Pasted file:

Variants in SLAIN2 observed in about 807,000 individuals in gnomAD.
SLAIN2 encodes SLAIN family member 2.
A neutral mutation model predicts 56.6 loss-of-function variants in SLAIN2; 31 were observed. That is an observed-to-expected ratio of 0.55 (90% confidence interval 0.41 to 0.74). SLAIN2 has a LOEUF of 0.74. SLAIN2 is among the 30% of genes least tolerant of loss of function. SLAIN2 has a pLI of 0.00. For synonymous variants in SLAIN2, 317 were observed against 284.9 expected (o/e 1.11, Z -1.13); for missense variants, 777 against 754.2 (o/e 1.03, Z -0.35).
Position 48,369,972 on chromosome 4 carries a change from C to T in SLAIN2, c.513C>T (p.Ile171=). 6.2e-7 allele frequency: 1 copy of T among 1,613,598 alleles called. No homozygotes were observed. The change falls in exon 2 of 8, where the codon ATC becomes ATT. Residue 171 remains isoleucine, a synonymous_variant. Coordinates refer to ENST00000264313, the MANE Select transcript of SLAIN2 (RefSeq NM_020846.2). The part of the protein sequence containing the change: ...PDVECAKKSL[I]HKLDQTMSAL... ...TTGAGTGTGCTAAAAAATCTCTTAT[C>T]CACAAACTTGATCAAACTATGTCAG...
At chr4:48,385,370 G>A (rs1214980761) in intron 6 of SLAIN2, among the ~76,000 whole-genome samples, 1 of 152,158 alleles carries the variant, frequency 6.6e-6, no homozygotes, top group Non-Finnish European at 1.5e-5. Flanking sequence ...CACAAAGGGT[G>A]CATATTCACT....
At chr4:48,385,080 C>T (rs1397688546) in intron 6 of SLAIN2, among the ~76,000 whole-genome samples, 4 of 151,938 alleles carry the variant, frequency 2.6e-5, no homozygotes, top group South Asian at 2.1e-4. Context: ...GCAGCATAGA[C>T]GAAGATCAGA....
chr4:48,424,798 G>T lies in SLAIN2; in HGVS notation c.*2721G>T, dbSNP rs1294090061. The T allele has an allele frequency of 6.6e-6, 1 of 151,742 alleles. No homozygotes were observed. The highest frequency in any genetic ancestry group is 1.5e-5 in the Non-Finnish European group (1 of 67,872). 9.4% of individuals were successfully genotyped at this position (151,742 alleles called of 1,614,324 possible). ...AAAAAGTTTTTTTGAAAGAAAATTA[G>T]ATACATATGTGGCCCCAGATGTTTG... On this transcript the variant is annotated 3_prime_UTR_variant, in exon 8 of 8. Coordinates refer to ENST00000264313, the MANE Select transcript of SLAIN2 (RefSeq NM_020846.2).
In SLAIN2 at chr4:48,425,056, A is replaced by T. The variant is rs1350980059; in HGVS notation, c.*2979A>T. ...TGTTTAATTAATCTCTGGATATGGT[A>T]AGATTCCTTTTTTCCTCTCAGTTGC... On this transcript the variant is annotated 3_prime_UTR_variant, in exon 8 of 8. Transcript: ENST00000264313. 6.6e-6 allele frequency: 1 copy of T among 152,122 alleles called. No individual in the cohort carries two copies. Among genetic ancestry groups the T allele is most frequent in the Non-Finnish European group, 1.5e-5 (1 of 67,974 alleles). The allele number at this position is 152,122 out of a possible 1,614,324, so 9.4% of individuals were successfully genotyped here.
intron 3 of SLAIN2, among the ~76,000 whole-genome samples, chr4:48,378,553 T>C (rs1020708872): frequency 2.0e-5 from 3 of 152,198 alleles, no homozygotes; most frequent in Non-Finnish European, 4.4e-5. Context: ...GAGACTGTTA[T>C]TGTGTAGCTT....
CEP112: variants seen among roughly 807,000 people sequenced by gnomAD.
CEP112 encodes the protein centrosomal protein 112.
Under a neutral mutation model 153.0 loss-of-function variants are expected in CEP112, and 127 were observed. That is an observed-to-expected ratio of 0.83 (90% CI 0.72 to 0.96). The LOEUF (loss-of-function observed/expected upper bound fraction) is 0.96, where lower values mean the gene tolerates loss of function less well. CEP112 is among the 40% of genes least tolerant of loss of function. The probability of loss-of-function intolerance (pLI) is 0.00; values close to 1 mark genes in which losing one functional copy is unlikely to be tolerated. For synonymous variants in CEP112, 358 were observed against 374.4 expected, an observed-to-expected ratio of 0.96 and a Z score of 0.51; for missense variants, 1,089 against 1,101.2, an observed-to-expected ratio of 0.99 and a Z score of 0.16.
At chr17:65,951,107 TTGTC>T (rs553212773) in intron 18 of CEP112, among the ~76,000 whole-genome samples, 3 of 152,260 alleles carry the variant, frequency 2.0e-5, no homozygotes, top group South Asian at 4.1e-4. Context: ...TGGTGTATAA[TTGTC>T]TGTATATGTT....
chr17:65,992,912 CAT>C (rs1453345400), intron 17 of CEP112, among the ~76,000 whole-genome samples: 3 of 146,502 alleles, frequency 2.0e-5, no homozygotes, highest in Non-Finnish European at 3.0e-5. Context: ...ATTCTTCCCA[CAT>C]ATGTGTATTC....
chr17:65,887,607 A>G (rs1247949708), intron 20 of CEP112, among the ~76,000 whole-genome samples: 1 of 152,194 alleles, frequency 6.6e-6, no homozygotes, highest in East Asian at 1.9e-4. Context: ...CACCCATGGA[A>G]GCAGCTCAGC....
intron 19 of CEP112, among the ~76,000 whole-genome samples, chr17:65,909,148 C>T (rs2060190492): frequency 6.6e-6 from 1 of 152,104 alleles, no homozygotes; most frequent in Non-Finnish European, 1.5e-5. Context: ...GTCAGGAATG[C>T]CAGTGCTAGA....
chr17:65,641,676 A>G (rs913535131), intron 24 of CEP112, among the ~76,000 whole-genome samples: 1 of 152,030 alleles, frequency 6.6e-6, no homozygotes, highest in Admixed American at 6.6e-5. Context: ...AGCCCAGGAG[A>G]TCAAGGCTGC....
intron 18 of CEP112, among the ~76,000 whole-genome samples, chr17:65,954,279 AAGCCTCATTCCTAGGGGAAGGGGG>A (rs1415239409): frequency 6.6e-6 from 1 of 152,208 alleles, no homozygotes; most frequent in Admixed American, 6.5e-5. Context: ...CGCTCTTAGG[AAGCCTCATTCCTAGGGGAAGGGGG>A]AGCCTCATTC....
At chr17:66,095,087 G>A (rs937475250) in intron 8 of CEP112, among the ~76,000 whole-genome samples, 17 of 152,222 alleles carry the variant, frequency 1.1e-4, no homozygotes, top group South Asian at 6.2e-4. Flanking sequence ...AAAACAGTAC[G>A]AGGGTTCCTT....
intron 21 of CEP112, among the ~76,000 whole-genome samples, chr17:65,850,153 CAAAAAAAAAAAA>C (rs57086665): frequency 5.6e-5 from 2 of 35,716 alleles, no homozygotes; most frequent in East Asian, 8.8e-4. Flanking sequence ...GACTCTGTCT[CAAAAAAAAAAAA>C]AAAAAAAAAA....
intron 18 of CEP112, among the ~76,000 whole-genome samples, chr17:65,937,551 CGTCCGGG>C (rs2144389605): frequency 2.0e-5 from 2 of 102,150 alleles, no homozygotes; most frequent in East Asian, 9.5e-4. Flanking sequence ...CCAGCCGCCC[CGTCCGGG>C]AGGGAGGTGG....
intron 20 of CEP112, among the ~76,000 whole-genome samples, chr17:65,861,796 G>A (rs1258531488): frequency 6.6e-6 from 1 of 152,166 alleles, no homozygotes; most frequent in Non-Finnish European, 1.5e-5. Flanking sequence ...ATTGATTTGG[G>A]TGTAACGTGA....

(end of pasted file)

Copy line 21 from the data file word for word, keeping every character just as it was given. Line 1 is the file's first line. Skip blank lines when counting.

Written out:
intron 18 of CEP112, among the ~76,000 whole-genome samples, chr17:65,937,551 CGTCCGGG>C (rs2144389605): frequency 2.0e-5 from 2 of 102,150 alleles, no homozygotes; most frequent in East Asian, 9.5e-4. Flanking sequence ...CCAGCCGCCC[CGTCCGGG>C]AGGGAGGTGG....